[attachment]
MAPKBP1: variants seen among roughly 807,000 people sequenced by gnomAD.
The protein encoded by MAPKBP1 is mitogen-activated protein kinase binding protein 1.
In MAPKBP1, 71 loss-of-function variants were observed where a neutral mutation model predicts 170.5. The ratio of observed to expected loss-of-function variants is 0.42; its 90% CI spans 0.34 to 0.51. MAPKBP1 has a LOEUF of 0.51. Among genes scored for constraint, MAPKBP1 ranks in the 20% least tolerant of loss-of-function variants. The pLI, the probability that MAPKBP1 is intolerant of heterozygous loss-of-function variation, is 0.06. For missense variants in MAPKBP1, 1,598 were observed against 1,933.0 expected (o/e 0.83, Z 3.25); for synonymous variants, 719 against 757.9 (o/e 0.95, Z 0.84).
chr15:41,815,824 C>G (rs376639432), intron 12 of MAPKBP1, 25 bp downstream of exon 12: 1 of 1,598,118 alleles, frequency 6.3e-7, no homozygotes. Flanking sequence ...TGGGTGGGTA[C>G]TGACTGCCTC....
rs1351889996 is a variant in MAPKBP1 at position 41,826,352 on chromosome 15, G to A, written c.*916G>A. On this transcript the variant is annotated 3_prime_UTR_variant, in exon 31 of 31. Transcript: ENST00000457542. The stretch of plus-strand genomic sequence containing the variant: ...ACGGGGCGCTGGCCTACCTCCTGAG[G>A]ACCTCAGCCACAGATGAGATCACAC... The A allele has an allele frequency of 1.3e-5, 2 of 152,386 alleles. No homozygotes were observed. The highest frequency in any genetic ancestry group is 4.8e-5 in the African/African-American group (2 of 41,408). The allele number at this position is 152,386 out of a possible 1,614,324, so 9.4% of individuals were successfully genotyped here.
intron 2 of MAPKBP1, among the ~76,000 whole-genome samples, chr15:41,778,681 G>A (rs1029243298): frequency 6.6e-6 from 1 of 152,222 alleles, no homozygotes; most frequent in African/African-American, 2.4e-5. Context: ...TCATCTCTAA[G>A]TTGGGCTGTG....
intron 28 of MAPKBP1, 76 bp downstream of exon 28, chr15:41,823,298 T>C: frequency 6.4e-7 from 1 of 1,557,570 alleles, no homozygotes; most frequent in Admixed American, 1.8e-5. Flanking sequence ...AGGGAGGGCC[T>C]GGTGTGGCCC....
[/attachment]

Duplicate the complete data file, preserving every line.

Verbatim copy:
MAPKBP1: variants seen among roughly 807,000 people sequenced by gnomAD.
The protein encoded by MAPKBP1 is mitogen-activated protein kinase binding protein 1.
In MAPKBP1, 71 loss-of-function variants were observed where a neutral mutation model predicts 170.5. The ratio of observed to expected loss-of-function variants is 0.42; its 90% CI spans 0.34 to 0.51. MAPKBP1 has a LOEUF of 0.51. Among genes scored for constraint, MAPKBP1 ranks in the 20% least tolerant of loss-of-function variants. The pLI, the probability that MAPKBP1 is intolerant of heterozygous loss-of-function variation, is 0.06. For missense variants in MAPKBP1, 1,598 were observed against 1,933.0 expected (o/e 0.83, Z 3.25); for synonymous variants, 719 against 757.9 (o/e 0.95, Z 0.84).
chr15:41,815,824 C>G (rs376639432), intron 12 of MAPKBP1, 25 bp downstream of exon 12: 1 of 1,598,118 alleles, frequency 6.3e-7, no homozygotes. Flanking sequence ...TGGGTGGGTA[C>G]TGACTGCCTC....
rs1351889996 is a variant in MAPKBP1 at position 41,826,352 on chromosome 15, G to A, written c.*916G>A. On this transcript the variant is annotated 3_prime_UTR_variant, in exon 31 of 31. Transcript: ENST00000457542. The stretch of plus-strand genomic sequence containing the variant: ...ACGGGGCGCTGGCCTACCTCCTGAG[G>A]ACCTCAGCCACAGATGAGATCACAC... The A allele has an allele frequency of 1.3e-5, 2 of 152,386 alleles. No homozygotes were observed. The highest frequency in any genetic ancestry group is 4.8e-5 in the African/African-American group (2 of 41,408). The allele number at this position is 152,386 out of a possible 1,614,324, so 9.4% of individuals were successfully genotyped here.
intron 2 of MAPKBP1, among the ~76,000 whole-genome samples, chr15:41,778,681 G>A (rs1029243298): frequency 6.6e-6 from 1 of 152,222 alleles, no homozygotes; most frequent in African/African-American, 2.4e-5. Context: ...TCATCTCTAA[G>A]TTGGGCTGTG....
intron 28 of MAPKBP1, 76 bp downstream of exon 28, chr15:41,823,298 T>C: frequency 6.4e-7 from 1 of 1,557,570 alleles, no homozygotes; most frequent in Admixed American, 1.8e-5. Flanking sequence ...AGGGAGGGCC[T>C]GGTGTGGCCC....